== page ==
Drinking diet is worse than regular

It says "diet" right in the name... so can you blame the millions of people who drink "diet" soda for thinking they've made a healthier choice? I have to wonder if these people aware of the dangers of diet soda they are putting in their body.

It's not a healthier choice. It's not even a "diet" choice since these drinks won't help you to lose weight. And in addition to not shrinking your waistline, the dangers of diet soda can actually increase your risk of diabetes, even if you don't drink it every day.

Just three 16-ounce bottles a week can increase your risk of this disease by nearly 60 percent, according to a new study out of France.

Less diet soda comes with less risk, but not zero risk (despite the "zero" in the names of some of these drinks). A single 16-ounce soda a week can increase your risk of the disease by 15 percent, according to the dangers of diet soda study on women tracked for 14 years.

This boost in risk isn't when compared to drinking no soda at all. It's when compared to drinking regular soda -- the non-diet, sugar-filled, high-calorie soda that's supposed to be the worse choice.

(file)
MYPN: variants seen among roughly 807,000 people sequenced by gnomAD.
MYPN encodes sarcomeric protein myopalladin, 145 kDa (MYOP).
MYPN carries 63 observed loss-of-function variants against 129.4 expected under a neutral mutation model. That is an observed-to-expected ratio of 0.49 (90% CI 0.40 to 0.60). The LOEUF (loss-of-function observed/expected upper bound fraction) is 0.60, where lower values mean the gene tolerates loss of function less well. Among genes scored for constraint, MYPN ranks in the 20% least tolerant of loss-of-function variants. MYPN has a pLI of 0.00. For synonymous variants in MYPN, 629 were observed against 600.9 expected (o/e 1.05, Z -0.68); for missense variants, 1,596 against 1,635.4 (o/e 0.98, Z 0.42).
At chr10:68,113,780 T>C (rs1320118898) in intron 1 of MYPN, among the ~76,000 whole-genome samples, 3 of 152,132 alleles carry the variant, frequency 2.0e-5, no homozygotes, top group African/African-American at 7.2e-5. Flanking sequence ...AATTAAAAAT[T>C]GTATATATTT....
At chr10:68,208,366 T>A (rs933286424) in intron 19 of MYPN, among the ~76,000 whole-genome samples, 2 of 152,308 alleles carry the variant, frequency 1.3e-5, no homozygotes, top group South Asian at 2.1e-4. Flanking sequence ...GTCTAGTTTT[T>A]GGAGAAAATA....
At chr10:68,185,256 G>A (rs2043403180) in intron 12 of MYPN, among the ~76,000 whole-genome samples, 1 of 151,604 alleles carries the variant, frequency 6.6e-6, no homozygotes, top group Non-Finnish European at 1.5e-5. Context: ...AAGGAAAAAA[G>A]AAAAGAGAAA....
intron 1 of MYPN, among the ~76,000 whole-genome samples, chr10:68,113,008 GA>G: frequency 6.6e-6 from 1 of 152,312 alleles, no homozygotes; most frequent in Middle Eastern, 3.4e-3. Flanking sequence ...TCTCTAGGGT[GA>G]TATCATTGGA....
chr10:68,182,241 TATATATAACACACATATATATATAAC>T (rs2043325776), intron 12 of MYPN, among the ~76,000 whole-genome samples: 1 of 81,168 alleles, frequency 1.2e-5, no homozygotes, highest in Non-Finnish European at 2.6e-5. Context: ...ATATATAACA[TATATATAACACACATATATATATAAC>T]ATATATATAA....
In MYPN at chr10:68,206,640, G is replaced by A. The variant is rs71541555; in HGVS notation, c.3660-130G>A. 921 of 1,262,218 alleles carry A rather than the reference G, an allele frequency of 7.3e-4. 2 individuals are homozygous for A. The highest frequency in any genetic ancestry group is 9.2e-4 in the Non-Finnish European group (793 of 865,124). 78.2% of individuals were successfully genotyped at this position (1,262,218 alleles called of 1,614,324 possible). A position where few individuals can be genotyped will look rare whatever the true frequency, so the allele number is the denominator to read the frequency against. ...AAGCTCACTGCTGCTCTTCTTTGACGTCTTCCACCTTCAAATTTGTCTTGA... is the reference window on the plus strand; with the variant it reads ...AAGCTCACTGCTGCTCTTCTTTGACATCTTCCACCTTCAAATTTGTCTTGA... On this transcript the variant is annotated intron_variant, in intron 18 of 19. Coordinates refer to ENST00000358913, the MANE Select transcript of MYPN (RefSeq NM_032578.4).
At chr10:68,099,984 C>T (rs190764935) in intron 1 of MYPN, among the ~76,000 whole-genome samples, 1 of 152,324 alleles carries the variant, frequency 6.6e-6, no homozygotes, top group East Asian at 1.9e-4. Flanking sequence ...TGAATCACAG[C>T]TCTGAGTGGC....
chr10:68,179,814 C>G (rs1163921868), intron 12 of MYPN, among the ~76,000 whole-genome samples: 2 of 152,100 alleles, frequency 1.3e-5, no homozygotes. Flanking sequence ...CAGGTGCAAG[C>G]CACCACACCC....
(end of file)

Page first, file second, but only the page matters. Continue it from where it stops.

Looks like "worse" is a relative term.

On the one hand, you have the simplest of all simple sugars in soda -- whether it's plain sugar or high-fructose corn syrup, each of which will cause your blood sugar levels to surge and then plunge.

It's pretty much a recipe for diabetes as your pancreas struggles to keep up with the demand for insulin.

On the other hand, the chemical sweeteners in diet sodas -- especially aspartame -- can also cause spikes in blood glucose and insulin levels in some people.

In addition, people who eat or drink artificial sweeteners often crave even sweeter foods -- leading to even worse choices later on. That's one of the reasons diet soda drinkers consume more soda overall -- almost double the amount of the regular soda drinkers, according to the danger of diet soda study.

So don't bother trying to choose one over the other. They're both bad for you -- and the new study in the American Journal of Clinical Nutrition finds that any soda habit at all, diet or regular and just once a week, can increase your risk of diabetes by a third.

That's a risk you just don't have to take.

If you want to quench your thirst, stick to safer options -- starting with plain old water, seltzer, and tea.

That's what not to drink... keep reading for some common foods you shouldn't eat.